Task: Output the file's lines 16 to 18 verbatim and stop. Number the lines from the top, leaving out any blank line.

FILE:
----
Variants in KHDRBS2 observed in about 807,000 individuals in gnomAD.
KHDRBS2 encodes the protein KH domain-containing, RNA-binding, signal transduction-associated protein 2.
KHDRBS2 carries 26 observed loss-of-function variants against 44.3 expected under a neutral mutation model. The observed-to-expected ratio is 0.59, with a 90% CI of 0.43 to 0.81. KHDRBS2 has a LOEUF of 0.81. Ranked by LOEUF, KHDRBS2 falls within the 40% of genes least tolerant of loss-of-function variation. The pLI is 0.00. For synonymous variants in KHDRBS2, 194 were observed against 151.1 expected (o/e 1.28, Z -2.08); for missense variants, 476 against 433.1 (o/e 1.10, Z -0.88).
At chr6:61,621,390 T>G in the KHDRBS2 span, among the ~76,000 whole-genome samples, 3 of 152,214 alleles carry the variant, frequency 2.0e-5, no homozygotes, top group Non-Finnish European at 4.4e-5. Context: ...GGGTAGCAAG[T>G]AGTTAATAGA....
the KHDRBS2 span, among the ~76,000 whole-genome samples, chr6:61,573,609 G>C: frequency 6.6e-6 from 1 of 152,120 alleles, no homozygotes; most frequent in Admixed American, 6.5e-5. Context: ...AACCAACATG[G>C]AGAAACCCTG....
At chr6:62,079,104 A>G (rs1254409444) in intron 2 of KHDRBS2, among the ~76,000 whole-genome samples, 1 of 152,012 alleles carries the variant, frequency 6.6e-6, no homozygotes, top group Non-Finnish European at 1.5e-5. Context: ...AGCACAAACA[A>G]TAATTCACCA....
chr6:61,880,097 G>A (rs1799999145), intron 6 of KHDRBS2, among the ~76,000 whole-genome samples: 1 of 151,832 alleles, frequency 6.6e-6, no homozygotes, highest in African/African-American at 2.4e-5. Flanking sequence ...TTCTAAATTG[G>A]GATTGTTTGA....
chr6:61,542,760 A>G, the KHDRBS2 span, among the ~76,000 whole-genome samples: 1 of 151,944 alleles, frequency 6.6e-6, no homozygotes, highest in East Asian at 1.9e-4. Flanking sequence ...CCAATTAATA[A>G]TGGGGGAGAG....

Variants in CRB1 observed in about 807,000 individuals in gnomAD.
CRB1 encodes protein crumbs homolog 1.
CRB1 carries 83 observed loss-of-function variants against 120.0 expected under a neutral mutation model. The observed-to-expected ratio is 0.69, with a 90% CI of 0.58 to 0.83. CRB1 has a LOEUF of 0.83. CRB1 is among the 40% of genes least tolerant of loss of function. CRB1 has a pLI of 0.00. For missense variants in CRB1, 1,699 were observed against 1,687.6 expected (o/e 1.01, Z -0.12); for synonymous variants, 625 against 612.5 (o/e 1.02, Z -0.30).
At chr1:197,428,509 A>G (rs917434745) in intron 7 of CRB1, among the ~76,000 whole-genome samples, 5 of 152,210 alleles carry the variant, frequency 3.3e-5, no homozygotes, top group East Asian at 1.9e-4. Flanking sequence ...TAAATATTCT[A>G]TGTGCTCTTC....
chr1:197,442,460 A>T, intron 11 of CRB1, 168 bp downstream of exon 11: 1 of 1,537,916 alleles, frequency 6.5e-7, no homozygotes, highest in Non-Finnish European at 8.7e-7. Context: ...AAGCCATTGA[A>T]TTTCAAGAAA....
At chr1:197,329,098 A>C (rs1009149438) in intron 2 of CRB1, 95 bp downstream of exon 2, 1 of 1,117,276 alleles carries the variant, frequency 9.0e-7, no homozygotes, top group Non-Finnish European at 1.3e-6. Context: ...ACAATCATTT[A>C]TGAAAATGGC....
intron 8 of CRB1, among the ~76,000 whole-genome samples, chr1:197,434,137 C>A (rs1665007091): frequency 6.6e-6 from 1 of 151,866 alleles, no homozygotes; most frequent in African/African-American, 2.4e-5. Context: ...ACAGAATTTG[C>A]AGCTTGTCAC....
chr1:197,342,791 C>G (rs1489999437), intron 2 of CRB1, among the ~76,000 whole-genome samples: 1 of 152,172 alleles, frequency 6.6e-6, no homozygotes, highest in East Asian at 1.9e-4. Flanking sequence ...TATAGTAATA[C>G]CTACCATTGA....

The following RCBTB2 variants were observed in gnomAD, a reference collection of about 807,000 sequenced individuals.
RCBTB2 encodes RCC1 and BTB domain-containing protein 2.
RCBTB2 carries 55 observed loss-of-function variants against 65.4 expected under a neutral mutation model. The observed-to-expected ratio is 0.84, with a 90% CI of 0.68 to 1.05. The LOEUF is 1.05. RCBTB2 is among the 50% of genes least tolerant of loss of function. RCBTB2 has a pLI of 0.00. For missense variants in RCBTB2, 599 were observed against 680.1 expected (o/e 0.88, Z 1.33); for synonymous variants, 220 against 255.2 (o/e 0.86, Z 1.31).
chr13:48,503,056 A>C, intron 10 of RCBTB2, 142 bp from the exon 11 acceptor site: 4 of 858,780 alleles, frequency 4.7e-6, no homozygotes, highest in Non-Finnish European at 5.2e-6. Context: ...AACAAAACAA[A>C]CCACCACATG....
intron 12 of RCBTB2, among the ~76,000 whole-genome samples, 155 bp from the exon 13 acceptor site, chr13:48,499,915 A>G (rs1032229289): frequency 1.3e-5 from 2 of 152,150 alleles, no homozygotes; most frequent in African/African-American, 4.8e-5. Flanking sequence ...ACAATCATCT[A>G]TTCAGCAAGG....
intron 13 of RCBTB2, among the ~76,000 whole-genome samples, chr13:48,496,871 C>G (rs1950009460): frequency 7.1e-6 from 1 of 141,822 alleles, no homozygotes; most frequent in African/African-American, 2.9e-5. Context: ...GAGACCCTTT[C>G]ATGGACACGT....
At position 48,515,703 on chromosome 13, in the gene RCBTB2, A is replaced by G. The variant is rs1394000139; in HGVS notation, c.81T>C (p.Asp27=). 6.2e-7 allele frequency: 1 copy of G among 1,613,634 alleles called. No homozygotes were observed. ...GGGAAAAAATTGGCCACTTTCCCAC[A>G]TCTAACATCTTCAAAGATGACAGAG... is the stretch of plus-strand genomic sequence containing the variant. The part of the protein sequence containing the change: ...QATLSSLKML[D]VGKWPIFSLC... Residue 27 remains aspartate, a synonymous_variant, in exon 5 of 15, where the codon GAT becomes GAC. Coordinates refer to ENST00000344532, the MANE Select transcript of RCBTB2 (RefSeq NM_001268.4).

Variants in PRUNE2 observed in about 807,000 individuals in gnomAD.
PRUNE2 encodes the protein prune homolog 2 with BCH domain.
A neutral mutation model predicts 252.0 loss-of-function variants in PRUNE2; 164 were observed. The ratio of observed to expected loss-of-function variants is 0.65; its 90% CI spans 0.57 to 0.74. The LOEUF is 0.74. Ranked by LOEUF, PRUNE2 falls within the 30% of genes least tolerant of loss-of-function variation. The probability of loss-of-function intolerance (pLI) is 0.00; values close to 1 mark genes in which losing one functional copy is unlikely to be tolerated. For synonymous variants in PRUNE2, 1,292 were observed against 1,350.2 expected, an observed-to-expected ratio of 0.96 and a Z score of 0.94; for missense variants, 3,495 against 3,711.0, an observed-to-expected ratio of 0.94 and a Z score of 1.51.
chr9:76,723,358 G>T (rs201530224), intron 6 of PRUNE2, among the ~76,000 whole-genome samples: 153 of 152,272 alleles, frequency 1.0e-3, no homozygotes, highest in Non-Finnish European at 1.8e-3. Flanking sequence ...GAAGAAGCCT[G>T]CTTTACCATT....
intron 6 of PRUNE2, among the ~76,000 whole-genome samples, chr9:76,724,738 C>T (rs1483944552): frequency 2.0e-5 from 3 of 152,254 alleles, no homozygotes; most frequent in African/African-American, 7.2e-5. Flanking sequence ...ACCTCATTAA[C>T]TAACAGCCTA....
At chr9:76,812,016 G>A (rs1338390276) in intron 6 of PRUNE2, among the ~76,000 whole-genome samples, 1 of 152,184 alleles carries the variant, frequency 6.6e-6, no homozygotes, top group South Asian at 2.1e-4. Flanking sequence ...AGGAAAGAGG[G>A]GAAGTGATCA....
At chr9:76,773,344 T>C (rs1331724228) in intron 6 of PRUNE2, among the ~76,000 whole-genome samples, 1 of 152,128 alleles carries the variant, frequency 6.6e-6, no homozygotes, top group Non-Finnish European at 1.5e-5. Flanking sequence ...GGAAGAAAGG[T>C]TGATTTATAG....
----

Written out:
chr1:197,342,791 C>G (rs1489999437), intron 2 of CRB1, among the ~76,000 whole-genome samples: 1 of 152,172 alleles, frequency 6.6e-6, no homozygotes, highest in East Asian at 1.9e-4. Flanking sequence ...TATAGTAATA[C>G]CTACCATTGA....

The following RCBTB2 variants were observed in gnomAD, a reference collection of about 807,000 sequenced individuals.
RCBTB2 encodes RCC1 and BTB domain-containing protein 2.